I'm going to be less blunt in saying this than I was previously.
Hawaii and Colt Brennan are good, but they aren't worthy of the National Championship or Heisman Trophy, respectively.
Hawaii fans: Yes, you bulldozed a weak WAC schedule and two FCS teams, and came back to beat a 4-9 Pac-10 team. But that just isn't enough to convince voters that you're one of the top two squads in college football.
Sure, the Warriors crushed the WAC—but then again, so did the rest of the country.
This year, the WAC was 0-3 against the SEC, 1-7 against the Pac-10, and 1-4 against the Big 12. The only conference the WAC had a winning record against was C-USA, going 2-0.
Hawaii should and could have played another BCS team this season...but didn't. As a result, all the Warriors have proven thus far is that they can beat teams that are headed to the likes of the Humanitarian and New Mexico Bowls.
It's always impressive to go undefeated for an entire season, and Hawaii is more than deserving of a shot at a big-name team in a big-name bowl game. But enough with the national championship talk. There's simply not enough on the resume to convince anyone.
And now, a few hours after the Heisman ceremony, Hawaii fans are up in arms again—because Colt Brennan didn't win.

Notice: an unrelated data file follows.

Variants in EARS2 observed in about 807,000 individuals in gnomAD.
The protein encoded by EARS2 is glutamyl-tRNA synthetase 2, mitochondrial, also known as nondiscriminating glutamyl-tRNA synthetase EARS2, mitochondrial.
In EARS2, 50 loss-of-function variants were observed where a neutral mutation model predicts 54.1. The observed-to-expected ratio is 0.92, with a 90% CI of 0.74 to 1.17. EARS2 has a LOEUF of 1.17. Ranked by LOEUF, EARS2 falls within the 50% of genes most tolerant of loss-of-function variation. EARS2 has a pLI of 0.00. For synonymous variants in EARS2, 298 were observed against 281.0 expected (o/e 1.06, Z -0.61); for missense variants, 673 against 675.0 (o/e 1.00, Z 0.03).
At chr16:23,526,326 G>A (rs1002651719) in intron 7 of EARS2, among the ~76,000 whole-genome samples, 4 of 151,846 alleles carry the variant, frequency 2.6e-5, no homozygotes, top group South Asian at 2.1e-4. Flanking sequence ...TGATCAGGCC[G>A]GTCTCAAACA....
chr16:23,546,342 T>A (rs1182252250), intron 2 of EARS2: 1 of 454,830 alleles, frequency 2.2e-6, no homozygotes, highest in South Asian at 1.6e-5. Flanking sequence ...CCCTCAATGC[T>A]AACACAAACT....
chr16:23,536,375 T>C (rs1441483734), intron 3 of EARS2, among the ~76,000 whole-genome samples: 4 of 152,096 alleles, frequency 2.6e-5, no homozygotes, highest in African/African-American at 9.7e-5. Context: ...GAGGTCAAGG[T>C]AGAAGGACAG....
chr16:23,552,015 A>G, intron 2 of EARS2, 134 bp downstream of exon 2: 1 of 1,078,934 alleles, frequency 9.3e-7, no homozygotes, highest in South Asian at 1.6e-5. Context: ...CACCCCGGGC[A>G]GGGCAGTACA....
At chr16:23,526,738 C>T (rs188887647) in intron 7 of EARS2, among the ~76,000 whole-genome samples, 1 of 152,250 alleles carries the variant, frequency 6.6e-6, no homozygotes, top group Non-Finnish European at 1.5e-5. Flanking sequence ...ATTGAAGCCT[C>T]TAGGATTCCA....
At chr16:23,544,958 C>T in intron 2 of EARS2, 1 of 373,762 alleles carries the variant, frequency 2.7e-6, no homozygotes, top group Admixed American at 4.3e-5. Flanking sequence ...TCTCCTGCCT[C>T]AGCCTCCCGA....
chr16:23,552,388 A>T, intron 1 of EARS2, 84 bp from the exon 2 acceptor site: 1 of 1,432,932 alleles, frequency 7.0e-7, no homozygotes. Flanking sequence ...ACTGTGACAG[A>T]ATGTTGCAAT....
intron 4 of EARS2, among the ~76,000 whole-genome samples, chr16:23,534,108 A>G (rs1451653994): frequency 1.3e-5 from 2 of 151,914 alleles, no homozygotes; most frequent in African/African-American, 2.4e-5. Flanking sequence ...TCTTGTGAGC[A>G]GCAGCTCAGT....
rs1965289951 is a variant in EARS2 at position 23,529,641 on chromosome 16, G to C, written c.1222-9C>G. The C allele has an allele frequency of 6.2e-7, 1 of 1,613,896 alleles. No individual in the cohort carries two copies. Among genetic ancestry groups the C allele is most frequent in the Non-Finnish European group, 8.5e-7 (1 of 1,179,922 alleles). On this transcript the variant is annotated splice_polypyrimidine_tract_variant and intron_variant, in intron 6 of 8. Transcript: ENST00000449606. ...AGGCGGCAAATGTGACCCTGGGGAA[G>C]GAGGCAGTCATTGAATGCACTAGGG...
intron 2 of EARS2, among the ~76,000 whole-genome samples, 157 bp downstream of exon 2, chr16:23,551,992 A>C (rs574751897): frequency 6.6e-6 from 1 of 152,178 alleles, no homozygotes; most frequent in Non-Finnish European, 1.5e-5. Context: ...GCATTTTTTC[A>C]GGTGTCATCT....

I won't deny that Brennan is an excellent quarterback and a very talented athlete. But is he Heisman worthy?
Three players passed for more yards than Brennan this season. Texas Tech's Graham Harrell out-threw Brennan by over 1,100 yards. Brennan was third in the country in passing touchdowns—also behind Harrell, who led the way with 45.
None of Brennan's statistical superiors were Heisman finalists, or even in the top six. Not that any of them necessarily deserved to win the trophy—but statistics clearly aren't the decisive factor for voters.
So enough. Brennan is a great player, which is why he was invited to New York. But posting huge numbers against Idaho and New Mexico State isn't enough to warrant a Heisman.
In any event, these debates will continue through January. The Sugar Bowl will roll around—and Georgia will probably take care of business, as I think most of the country expects.
In that case, the Warriors will fly back to the Islands with a collective foot in their mouth.
If not, for the second year in a row, all hell will break loose. And I'll eat my words.
I know I'm going to get an overwhelming response from Hawaii fans here, who will more than likely take offense to everything I've said.
I'm more than willing to debate any of the above with anyone—I just ask that you keep it reasonable and be able to back up your position.